Anne as confidante to Mary & the Musgroves.
Written by Mandy N
(10/6/2008 1:52 p.m.)
in consequence of the missive, Mary Musgrove, the what if game., penned by Helen Kaye
One thing I thought to examine were the women around Anne, the centre of the story. I notice at Uppercross, Anne is 'known to have some influence with her sister' (ch.6) so she's continually sought out by family members who ask beyond what is practicable with Mary.
I think Mary may have been a more amiable person if she did not insist that Mrs Musgrove 'give her the precedence that was her due when they dined at the Great House with other families'.
My impression is Mary prefers to remember she is the daughter of a Baronet than a member of the Musgrove family.
Mary's little obssessions appear to cause concern within the family. Hence, they confide in Anne to give Mary a hint not to take precedence over mama, or persuade Mary not to fancy herself so ill or ask Mrs Charles to manage her children and servents better. By contrast, Mary complains to Anne she is not given her due.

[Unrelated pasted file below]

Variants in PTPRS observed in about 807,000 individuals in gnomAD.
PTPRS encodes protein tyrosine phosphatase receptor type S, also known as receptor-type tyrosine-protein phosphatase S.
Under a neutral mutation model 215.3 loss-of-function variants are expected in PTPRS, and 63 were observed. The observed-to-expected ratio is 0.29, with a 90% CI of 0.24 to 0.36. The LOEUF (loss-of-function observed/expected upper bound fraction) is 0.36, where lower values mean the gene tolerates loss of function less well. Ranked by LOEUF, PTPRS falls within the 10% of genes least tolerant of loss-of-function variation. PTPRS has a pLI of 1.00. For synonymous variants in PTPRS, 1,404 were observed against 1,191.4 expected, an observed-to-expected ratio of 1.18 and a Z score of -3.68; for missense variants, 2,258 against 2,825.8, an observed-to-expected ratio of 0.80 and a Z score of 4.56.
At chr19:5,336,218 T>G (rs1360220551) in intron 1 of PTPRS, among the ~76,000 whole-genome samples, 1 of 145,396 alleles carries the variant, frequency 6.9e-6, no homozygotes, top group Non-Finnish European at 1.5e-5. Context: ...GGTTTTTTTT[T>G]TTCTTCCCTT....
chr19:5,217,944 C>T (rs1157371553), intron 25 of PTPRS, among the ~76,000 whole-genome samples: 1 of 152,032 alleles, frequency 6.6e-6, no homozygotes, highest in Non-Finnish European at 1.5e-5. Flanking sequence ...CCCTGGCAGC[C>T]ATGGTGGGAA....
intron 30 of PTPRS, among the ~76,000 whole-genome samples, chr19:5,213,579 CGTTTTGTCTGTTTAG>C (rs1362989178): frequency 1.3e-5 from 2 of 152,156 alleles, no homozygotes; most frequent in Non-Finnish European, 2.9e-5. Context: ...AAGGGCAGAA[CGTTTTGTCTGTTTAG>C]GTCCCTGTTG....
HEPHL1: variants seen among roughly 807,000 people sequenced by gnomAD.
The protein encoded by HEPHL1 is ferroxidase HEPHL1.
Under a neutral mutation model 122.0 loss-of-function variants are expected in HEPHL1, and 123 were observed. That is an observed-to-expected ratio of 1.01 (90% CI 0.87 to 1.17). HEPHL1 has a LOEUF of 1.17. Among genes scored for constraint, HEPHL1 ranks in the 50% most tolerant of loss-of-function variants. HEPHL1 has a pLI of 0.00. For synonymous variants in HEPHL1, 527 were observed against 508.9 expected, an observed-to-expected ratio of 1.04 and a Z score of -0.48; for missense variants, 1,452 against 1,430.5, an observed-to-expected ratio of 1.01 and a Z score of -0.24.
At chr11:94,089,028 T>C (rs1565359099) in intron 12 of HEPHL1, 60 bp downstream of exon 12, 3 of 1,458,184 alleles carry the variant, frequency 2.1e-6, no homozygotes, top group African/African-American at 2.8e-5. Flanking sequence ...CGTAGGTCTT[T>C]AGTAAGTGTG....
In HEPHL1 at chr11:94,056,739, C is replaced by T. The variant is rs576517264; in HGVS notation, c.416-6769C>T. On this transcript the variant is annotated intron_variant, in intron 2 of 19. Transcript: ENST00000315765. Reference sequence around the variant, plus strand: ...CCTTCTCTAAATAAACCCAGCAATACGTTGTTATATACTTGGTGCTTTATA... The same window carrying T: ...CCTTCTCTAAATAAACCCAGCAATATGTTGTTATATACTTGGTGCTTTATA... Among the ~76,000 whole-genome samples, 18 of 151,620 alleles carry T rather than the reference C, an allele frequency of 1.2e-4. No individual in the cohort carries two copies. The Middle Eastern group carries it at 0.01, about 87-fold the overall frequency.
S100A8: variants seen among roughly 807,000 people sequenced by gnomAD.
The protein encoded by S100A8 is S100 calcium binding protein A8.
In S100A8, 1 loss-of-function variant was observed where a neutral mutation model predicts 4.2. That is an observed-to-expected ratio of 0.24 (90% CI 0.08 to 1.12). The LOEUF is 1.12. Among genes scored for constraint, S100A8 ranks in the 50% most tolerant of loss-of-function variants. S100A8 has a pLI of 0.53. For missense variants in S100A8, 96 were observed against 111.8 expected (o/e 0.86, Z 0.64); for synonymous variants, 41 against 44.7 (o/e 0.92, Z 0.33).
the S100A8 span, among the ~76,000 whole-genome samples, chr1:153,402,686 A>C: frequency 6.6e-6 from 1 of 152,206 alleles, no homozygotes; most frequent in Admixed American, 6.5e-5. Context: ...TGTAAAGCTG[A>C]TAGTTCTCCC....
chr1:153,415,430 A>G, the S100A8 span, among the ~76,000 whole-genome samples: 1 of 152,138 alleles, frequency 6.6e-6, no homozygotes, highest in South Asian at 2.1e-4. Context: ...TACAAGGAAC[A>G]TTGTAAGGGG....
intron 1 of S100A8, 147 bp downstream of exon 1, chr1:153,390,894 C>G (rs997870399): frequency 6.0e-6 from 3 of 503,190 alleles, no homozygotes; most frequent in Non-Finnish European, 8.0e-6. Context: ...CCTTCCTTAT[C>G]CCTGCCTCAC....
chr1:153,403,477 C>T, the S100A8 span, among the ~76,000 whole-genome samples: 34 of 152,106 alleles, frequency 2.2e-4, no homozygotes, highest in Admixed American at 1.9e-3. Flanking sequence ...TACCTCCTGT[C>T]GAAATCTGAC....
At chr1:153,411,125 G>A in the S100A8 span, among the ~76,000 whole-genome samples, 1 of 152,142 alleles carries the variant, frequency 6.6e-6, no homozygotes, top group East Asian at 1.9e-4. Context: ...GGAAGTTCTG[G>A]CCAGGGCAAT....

I'm not sure if these are small domestic grumbles or more serious concern. Anne listens and 'give them all hints of forbearance necessary'. I think her relations at Uppercross had more confidence than her family at Kellynch but may've somewhat over-rated her influence with Mary. Apart from seeing Anne as a sympathetic sister whom she could confide her ailments; I doubt Mary is really influenced by Anne or she may've been a happier person.
I maybe rather hard in my assessement of Mary; Potentially, she may've been a better person. I know she was married and had children at a young age and lost her own mother when vey young.